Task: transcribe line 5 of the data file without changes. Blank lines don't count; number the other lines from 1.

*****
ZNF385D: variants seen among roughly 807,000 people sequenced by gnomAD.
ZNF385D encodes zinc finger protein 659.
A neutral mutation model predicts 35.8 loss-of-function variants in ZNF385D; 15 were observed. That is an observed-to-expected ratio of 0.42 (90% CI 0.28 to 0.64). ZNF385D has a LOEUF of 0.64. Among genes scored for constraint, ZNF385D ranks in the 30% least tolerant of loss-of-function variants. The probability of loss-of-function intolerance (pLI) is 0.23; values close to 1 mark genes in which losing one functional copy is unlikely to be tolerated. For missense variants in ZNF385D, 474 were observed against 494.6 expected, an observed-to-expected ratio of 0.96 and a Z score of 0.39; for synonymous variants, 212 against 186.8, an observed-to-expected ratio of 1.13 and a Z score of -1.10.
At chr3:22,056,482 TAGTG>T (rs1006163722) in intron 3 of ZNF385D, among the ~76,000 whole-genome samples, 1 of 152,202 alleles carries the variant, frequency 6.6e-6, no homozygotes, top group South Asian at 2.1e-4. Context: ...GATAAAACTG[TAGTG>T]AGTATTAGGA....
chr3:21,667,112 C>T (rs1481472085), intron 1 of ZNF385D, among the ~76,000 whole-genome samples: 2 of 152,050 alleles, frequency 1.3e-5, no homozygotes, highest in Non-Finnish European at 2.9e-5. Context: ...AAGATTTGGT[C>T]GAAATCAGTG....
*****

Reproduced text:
chr3:21,667,112 C>T (rs1481472085), intron 1 of ZNF385D, among the ~76,000 whole-genome samples: 2 of 152,050 alleles, frequency 1.3e-5, no homozygotes, highest in Non-Finnish European at 2.9e-5. Context: ...AAGATTTGGT[C>T]GAAATCAGTG....